Obama’s Blame Game On Deficits Misstates Bush’s Record

Here in Washington there is an absence of accountability. There are far more people looking to give blame rather than accept it.

Sadly the problem is a bipartisan one. Nevertheless, it is Democrats, the party who promised to change this culture, who have become the worst offender.

House Majority Leader Steny Hoyer is the latest offender, saying Tuesday that Democrats will be using George Bush’s record against Republicans this November. In response to a recent Washington Post poll showing confidence in President Obama reached an all-time low he said,

“I’m not happy about that. I think Americans are angry. They were angry in ‘06. They were angry in ‘08. They changed leadership. They’re still angry. Their economy is still not working the way it should work. We agree with that.” he said. “Unfortunately their anger — which should be focused on not returning to the Bush, Boehner, McCain policies which plunged us into deep debt and resulted in the worst economy in the lifetime of almost every American under 90 years of age — [is focused on Obama.].

Blame it on Bush. Forget “hope and change,” those four words should have been the Obama administration’s campaign pitch. Republicans have long decried the “Bush did this, Bush did that” approach to governing that emanating from the White House. With unemploying remaining stagnant and the federal deficits skyrocketing, people are looking for answers, not blame. And answers are something that Democrats don’t have much of. Now the once-novel Bush bashing is just another tired attempt at staying in power – one that has already lost its charm and aura of validity.

Before starting off on another Bush rant you would think some Democrats would recognize how ineffectual it is. In fact, such a pass the buck attitude when people are demanding accountability is showing signs of backfiring.

After nearly a year and a half of Obama’s presidency the public confidence in President Obama has hit an all time low. According to an ABC Poll nearly six in 10 voters do not have faith in the president to make the right decisions for the country, and 2/3 of all voters are dissatisfied with the way the federal government is working. It seems the longer he is in office and the more we get a chance to watch our President, the less popular he gets.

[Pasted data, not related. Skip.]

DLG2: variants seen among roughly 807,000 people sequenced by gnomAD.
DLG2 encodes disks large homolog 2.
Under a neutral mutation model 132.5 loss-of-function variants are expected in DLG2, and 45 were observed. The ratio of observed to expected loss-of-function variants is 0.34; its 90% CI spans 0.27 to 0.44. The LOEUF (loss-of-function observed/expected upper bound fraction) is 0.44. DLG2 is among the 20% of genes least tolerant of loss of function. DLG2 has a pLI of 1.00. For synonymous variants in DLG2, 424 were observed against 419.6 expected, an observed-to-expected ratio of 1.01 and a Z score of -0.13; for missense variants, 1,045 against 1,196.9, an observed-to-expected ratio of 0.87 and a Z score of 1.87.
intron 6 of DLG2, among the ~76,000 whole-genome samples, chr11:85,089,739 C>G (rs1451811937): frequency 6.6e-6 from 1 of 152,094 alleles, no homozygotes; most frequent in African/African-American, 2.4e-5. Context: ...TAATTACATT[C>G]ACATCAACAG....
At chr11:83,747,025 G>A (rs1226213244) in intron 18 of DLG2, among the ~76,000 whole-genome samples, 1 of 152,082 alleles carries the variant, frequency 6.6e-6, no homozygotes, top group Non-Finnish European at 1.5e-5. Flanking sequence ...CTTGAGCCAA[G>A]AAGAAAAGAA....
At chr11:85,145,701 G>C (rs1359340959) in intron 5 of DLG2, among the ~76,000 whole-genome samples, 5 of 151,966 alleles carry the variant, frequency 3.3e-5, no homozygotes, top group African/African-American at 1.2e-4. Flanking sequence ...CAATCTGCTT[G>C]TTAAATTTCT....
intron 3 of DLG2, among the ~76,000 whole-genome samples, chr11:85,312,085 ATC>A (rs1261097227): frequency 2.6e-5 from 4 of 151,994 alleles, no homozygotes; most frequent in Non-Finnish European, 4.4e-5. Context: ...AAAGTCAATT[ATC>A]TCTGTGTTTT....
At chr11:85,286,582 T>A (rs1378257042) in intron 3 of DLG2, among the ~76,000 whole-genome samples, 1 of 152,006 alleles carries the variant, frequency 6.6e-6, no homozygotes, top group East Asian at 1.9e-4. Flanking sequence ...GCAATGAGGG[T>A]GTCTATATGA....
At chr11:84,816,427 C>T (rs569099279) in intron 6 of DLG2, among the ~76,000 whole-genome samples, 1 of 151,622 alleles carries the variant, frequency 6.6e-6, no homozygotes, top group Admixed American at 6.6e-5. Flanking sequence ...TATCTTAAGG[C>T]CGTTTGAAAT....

True to form, Obama is trying his best to come up with excuses for people’s dissatisfaction. Could it be his agenda stands in stark contrast to what Americans want? No! Could it be Bush’s fault? Of course!

Last Friday at the University of Nevada, Las Vegas, President Obama spoke about the economy. He said:

“And these were all the consequence of a decade of misguided economic policies—a decade of stagnant wages, a decade of declining incomes, a decade of spiraling deficits.”

Come again, Mr. President? A decade of spiraling deficits?

As Keith Hennessey, former Director of the US National Economic Council, wrote, we’ve had

“Eight years of deficits averaging 2.0 percent of GDP, followed by a horrible ninth year as the markets collapsed and the economy plunged into recession. Before the crash of late 2008 President Bush’s budget deficits were 0.6 percentage points smaller than the historic average.  Deficits did not “spiral” during the Bush presidency or the decade.  They bumped around the historic average, then spiked up in the last year.”

Looking at these numbers makes it clear that after tripling the US national deficit from the previous year in 2009, Barack Obama is en route to nearly quadruple the national deficit from 2008 when George W. Bush left office.

In declaring the last decade to be one of spiraling deficits, President Obama is engaging in yet another sad attempt to spread the blame for his spending failures. For some reason I don’t think “The Audacity of Blame” would have sold nearly as well. Nevertheless, it seems it would have been a truer assessment of his feelings. The numbers are clear: the Bush presidency experienced eight years of deficits, not ideal or a representative of true conservative policy by any means, but also not evidence of a long term trend toward unsustainability. After all, the deficits were on average lower than the historic average.

It is time for Obama to stop blaming those who came before him, and start making some history of his own. The more he claims that the mess on his hands was ‘inherited’ from Bush, the less likely he is to create any reputable legacy of his own.

Fine by me. The legacy of the next generation of conservatives will be made all the more clear – we brought fiscal sanity back to Washington and saved young adults’ future while we were at it.

by Brandon Greife, College Republican National Committee